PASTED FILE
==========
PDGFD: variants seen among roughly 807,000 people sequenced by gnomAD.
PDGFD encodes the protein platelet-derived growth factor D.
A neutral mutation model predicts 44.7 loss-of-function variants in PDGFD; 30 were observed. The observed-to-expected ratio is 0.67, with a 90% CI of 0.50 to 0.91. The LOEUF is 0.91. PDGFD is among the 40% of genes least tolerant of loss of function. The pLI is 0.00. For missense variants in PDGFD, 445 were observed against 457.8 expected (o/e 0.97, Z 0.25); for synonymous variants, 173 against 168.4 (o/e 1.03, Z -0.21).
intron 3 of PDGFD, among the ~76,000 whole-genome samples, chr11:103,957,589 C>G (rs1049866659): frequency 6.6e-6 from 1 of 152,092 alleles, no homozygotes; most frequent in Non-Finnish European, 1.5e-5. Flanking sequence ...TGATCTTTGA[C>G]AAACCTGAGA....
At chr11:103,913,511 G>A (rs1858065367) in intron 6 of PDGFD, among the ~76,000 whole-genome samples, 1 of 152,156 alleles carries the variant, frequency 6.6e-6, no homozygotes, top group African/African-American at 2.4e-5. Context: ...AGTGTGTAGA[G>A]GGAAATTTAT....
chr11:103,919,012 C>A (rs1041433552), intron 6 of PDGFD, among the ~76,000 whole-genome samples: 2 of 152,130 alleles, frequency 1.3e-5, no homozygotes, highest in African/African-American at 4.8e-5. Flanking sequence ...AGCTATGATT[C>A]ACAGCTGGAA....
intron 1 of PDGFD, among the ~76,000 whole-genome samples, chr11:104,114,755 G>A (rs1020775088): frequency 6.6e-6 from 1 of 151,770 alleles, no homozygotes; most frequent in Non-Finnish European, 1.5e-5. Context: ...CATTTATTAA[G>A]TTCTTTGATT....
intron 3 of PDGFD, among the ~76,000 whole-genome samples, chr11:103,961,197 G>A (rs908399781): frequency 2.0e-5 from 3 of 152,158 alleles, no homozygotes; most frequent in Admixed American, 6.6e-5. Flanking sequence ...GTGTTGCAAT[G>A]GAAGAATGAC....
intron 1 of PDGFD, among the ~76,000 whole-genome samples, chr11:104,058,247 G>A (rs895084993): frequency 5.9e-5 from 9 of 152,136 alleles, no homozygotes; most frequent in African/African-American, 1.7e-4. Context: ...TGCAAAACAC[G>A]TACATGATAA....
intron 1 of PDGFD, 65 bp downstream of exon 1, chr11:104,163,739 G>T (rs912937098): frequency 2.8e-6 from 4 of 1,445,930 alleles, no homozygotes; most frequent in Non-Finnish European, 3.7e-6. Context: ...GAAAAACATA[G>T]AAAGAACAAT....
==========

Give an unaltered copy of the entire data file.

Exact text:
PDGFD: variants seen among roughly 807,000 people sequenced by gnomAD.
PDGFD encodes the protein platelet-derived growth factor D.
A neutral mutation model predicts 44.7 loss-of-function variants in PDGFD; 30 were observed. The observed-to-expected ratio is 0.67, with a 90% CI of 0.50 to 0.91. The LOEUF is 0.91. PDGFD is among the 40% of genes least tolerant of loss of function. The pLI is 0.00. For missense variants in PDGFD, 445 were observed against 457.8 expected (o/e 0.97, Z 0.25); for synonymous variants, 173 against 168.4 (o/e 1.03, Z -0.21).
intron 3 of PDGFD, among the ~76,000 whole-genome samples, chr11:103,957,589 C>G (rs1049866659): frequency 6.6e-6 from 1 of 152,092 alleles, no homozygotes; most frequent in Non-Finnish European, 1.5e-5. Flanking sequence ...TGATCTTTGA[C>G]AAACCTGAGA....
At chr11:103,913,511 G>A (rs1858065367) in intron 6 of PDGFD, among the ~76,000 whole-genome samples, 1 of 152,156 alleles carries the variant, frequency 6.6e-6, no homozygotes, top group African/African-American at 2.4e-5. Context: ...AGTGTGTAGA[G>A]GGAAATTTAT....
chr11:103,919,012 C>A (rs1041433552), intron 6 of PDGFD, among the ~76,000 whole-genome samples: 2 of 152,130 alleles, frequency 1.3e-5, no homozygotes, highest in African/African-American at 4.8e-5. Flanking sequence ...AGCTATGATT[C>A]ACAGCTGGAA....
intron 1 of PDGFD, among the ~76,000 whole-genome samples, chr11:104,114,755 G>A (rs1020775088): frequency 6.6e-6 from 1 of 151,770 alleles, no homozygotes; most frequent in Non-Finnish European, 1.5e-5. Context: ...CATTTATTAA[G>A]TTCTTTGATT....
intron 3 of PDGFD, among the ~76,000 whole-genome samples, chr11:103,961,197 G>A (rs908399781): frequency 2.0e-5 from 3 of 152,158 alleles, no homozygotes; most frequent in Admixed American, 6.6e-5. Flanking sequence ...GTGTTGCAAT[G>A]GAAGAATGAC....
intron 1 of PDGFD, among the ~76,000 whole-genome samples, chr11:104,058,247 G>A (rs895084993): frequency 5.9e-5 from 9 of 152,136 alleles, no homozygotes; most frequent in African/African-American, 1.7e-4. Context: ...TGCAAAACAC[G>A]TACATGATAA....
intron 1 of PDGFD, 65 bp downstream of exon 1, chr11:104,163,739 G>T (rs912937098): frequency 2.8e-6 from 4 of 1,445,930 alleles, no homozygotes; most frequent in Non-Finnish European, 3.7e-6. Context: ...GAAAAACATA[G>T]AAAGAACAAT....